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Valerie Morton reviews LURE by Alison Lock (Calder Valley Poetry, 2020)

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Lost Below the Surface

 Stilled water holds our secrets in silt,

language of sand, leaf,, root,

words lost below the surface.

These are the opening words of the first section of this remarkable book. Sometimes you hold your breath in anticipation of a poetry collection, musing on how the writer will deal with the subject matter. This has been, for me, one such occasion.

Already a very accomplished poet, Alison Lock creates an inspiring and unique  lyrical account of a near death experience with her particular emphasis on environment and natural landscapes and how they interconnect with human understanding.

Lure captures the reader, pulling them into re-living her horrendous accident and the surroundings in which it occurred. At no time does the poet feel sorry for herself but rather connects with nature in order to find a path through her predicament in a place so familiar to her, where she was walking with her dog one early morning.  Part I is  one long lyrical evocation from the moment it happened:

There is the mark

on the place where broken rocks

are my bones, cold meltwater my blood.

 

Earth, air, water, spirit.

 

It was early one morning in April

when I entered her waters

in a flash of a kingfisher’s stripe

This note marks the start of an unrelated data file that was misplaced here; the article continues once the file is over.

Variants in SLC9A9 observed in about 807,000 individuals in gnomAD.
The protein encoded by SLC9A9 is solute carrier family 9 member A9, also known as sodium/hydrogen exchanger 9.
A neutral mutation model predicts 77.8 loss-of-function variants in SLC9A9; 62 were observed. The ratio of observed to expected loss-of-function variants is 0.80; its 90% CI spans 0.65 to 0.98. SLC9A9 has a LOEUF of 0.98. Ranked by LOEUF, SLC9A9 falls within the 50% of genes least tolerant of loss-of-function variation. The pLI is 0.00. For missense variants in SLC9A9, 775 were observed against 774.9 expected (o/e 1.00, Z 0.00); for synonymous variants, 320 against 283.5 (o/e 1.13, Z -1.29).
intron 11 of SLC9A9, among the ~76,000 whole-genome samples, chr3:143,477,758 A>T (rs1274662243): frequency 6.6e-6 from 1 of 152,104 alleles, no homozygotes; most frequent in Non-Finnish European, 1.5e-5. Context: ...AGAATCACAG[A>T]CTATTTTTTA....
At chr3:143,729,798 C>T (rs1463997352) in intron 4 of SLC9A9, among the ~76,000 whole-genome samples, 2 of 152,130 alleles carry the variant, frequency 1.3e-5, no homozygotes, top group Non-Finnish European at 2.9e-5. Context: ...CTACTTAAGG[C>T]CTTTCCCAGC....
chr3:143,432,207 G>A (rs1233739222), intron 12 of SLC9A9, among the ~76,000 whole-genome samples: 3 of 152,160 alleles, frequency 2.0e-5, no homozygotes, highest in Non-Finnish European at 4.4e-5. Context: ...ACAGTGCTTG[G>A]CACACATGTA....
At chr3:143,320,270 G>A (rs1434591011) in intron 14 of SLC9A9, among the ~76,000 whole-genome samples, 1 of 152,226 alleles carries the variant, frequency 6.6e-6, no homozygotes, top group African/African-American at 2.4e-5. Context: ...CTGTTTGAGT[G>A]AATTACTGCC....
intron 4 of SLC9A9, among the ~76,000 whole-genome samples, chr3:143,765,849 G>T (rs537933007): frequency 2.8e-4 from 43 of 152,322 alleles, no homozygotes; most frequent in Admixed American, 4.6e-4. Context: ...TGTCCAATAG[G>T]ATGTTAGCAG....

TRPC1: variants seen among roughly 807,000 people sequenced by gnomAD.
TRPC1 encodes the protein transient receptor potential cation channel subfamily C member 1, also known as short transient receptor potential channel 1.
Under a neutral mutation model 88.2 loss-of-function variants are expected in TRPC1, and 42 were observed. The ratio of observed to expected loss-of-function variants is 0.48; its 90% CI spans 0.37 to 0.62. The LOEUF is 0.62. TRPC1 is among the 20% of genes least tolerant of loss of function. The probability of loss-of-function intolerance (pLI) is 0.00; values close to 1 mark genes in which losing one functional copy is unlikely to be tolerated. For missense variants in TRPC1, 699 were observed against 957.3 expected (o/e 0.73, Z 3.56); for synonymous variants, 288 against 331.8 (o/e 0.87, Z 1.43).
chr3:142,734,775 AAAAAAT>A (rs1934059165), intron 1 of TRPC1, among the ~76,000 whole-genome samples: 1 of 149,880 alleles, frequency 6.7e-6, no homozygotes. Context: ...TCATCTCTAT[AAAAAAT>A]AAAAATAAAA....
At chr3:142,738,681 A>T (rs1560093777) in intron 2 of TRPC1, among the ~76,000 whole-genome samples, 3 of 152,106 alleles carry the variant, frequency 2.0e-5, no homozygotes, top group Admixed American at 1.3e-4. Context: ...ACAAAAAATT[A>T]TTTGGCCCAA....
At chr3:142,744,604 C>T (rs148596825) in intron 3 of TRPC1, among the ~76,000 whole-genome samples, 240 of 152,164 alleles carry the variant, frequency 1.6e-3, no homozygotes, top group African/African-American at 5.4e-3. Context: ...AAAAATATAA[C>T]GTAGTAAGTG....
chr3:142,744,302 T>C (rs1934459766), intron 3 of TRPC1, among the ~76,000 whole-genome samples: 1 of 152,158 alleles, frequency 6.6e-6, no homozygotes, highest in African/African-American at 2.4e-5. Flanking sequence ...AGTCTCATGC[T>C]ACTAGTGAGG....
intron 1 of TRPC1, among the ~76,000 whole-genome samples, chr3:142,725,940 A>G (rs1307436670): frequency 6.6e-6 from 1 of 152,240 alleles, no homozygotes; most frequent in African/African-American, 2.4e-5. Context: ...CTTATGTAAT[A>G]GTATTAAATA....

I might never have seen.

 

I do not remember.  The falling.

It is a tribute to a great writer that she is able to recall observations at such a time, trapped under water, alone, without a sense of panic but rather of seeking a way to become a part of the place in which she finds herself, following roots and branches and debris in order to find a way out. She becomes as one with her surroundings, following the rhythm that can keep her afloat. Until the questions:

Will I ever be found, this weed-bound me

this creature of pond, in plight?

 

…………

 

Unknown to me my back is broken. I am truly felled.

 

I am a wolf, snarling into another life, circling wider and wider.

 What follows is a song of place, an intimacy of circumstances, where two lives – that of the earth, the other of a person at one with it, until we reach the end of the first section:

Hands, knees, reaching, inching.

I am the widening side

where the spilled earth

has been lifted, tipped into a pyramid

of brick, a rubble of razing.

I sink, I can go no further,

on, in, pain, dark.

 

Too cold, too cold, I am too cold.

 Part II (I Am Found) consists more of individual poems – each one a part of the long haul to recovery – the hospital, the back brace, the physio – each one a song to nature as if rediscovering not only herself but the world around her – until winter arrives:

Fault lines diminish, as I heal

the honeycomb of bone is mending

with the glue

of collagen, salt, calcium,

 

phosphate elements to re-create me.

 

So now I have the words, I have darkness, and I have hope.

 

The Epitaph – part III ends with the beautiful words:

I leave you the herons by the stream,

their silent flights known only by their shadow.

 This book is a song waiting to be sung – I have tried to provide a glimmer of the treasure in store for the reader.  This is a one-off, courageous, work about a landscape which held the power of life or death – the reader quickly becomes as much a part of this landscape as the trauma with which it is intertwined.  A highly recommended work which will quickly become one you may wish to dip into often – a reminder that life is a gift.

 

 

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